In the last one hundred years, cars have shaped our lives. Other everyday cultural artifacts, such as watches, telephones, musical instruments, and televisions, have certainly had influence, but the car is by far the most significant. Now, change is coming for the car, as it is for so many other industrial artifacts. Once, cars were distinct machines. Now, they are evolving into multifunctional digital devices. New fuels, new modes of travel, and new technologies are disrupting the traditional role of the much-loved family car.
What is to become of this material legacy? Should we really let go of it? Without memory, personal and shared, we lose our way, our individuality, and our culture. This proposition is at the heart of The Archaeological Automobile.
Miles C. Collier’s landmark approach uses an “archaeological mindset” to interpret the automobile as a cultural artifact in six themes:
The Development of the Automobile describes how the car emerged from a pressing human need for mobility, tracing our relationship with horses, our invention of the bicycle, and how we turned our backs on both as daily transport for the allure of the car.
The Rise of the Collectible Automobile asks how and why ratty relics decaying in recycling yards can become valuable and treasured collectibles. It reveals the effect of cultural influences on our perception of cars and on the dynamics of the collector car market.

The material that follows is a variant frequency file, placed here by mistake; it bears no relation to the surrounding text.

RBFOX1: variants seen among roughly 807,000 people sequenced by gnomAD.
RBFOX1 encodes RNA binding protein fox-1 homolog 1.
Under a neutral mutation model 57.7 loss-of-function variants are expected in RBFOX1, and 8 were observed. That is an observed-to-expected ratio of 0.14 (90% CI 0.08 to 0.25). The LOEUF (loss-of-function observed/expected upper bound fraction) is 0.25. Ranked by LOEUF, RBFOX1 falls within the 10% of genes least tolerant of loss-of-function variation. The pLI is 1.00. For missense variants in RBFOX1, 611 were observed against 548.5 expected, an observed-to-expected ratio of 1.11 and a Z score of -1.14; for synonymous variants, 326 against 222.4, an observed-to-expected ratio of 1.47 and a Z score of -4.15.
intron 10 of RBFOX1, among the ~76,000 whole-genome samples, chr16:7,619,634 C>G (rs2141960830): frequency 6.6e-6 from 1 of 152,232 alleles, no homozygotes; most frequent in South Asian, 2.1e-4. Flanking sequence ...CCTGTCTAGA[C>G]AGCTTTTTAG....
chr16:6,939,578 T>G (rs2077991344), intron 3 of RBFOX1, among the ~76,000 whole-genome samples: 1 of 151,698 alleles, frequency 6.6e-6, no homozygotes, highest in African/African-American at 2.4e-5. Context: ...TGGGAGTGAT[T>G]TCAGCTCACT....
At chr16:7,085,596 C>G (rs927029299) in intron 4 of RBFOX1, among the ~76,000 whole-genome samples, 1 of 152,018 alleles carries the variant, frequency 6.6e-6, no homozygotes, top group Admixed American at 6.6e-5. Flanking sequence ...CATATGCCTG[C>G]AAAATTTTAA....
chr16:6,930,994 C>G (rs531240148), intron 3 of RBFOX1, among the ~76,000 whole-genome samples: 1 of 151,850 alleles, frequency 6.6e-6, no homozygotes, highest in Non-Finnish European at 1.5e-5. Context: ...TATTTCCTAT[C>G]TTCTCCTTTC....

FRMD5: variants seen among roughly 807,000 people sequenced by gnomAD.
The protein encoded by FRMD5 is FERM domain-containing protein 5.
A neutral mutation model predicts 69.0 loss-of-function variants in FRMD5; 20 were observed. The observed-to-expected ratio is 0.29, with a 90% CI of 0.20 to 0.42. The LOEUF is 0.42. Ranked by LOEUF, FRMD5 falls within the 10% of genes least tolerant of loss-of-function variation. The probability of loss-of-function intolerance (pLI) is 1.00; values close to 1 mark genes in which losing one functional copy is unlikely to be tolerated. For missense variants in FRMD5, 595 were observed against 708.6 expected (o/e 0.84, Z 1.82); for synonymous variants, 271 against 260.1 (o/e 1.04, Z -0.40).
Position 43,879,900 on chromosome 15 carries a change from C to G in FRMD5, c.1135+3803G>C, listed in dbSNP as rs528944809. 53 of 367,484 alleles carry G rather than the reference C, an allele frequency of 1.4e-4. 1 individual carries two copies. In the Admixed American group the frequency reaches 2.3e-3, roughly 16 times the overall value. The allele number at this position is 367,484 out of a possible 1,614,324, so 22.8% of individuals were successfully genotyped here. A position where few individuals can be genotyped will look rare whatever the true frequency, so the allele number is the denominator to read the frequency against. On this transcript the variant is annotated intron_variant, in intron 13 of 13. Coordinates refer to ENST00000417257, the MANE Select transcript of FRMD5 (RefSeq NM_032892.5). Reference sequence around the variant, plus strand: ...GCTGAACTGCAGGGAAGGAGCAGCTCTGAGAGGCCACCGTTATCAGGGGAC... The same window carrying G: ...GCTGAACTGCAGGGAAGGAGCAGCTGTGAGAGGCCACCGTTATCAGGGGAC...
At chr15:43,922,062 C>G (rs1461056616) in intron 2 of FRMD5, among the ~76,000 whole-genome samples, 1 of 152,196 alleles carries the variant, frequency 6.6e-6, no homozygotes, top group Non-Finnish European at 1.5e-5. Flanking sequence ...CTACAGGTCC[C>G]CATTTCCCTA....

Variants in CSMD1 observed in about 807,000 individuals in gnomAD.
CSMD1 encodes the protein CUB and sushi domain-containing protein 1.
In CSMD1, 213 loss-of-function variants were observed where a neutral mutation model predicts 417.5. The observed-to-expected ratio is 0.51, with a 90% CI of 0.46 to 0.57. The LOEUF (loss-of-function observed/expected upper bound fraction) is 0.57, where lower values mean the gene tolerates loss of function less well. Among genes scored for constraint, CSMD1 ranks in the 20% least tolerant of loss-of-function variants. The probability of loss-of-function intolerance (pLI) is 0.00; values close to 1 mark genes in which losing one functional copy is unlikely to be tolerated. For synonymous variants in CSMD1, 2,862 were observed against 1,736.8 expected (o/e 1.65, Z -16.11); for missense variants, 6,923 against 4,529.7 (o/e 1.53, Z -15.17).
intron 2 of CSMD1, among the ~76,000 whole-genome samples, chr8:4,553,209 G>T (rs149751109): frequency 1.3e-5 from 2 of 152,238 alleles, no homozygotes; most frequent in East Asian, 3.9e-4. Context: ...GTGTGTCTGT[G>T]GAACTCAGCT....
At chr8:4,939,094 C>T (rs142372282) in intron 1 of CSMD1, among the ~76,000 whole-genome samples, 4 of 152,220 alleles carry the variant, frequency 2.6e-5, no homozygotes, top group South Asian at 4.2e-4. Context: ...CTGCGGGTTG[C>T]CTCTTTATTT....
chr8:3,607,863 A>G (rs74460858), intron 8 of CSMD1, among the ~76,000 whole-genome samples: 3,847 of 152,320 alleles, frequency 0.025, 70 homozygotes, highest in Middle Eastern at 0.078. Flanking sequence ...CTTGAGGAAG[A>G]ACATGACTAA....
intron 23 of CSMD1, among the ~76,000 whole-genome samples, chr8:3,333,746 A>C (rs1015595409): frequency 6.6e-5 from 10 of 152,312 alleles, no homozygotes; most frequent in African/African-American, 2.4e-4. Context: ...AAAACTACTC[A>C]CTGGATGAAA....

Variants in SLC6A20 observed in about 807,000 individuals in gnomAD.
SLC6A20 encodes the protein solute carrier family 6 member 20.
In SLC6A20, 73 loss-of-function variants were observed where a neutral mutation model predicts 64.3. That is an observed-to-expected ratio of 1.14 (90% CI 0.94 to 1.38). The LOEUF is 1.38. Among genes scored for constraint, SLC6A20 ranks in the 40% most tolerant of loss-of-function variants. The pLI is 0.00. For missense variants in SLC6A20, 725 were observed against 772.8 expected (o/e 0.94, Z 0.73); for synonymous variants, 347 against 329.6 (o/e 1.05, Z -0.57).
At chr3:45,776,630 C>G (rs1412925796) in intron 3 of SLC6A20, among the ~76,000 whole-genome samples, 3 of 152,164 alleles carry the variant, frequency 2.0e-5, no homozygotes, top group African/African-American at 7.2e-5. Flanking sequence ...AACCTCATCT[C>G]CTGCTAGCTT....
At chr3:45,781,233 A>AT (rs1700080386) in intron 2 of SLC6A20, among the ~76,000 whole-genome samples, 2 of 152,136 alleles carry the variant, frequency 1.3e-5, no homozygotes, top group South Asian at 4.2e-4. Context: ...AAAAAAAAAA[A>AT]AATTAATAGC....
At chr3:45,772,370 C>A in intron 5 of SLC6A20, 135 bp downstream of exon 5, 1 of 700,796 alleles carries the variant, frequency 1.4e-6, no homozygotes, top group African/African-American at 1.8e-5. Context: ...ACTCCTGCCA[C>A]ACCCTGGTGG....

The Archaeological Mindset picks up a wrench, gets into the workshop, and tracks the restoration of a 1919 Ballot Indy car using hands-on experience and background research while deploying the “archaeological imagination.” The archaeological clues are in the detail.
Collecting and the Archaeological Automobile deals with the characteristics of collecting. Why do we accumulate “stuff”? Is it greed? Is it passion? Is it a desire for legacy? And what makes a “good” collection? Is it bling? Is it style? Is it material worth? The answer lies in connoisseurship.
Restoring the Archaeological Automobile debates the merits of diverse restoration strategies and the reasoning behind them, including the tricky question of how to repaint the tilt-front nose of a 1964 Alfa Romeo GTZ racing car and still preserve the evidence of forty years of accumulated sandblasting and chipping.
The Archaeological Automobile of the Future is a call to action. Cars as we know them are customarily trashed, government regulations encourage indifference, and the skills and knowledge associated with fixing them are slowly vanishing as we lose older generations of experienced craftsmen. How can we preserve humanity’s treasure trove of automotive knowledge for generations to come?
Filled with engaging stories and practical examples, this is a handbook of the most thoughtful practices, not just for automobile owners and the historical car industry, but for collectors, professionals, and users of all kinds of industrial era artifacts.
The Archaeological Automobile combines scholarship, pertinent anecdotes, style, and experience to provide a stimulating account of why we should all be archaeologists now.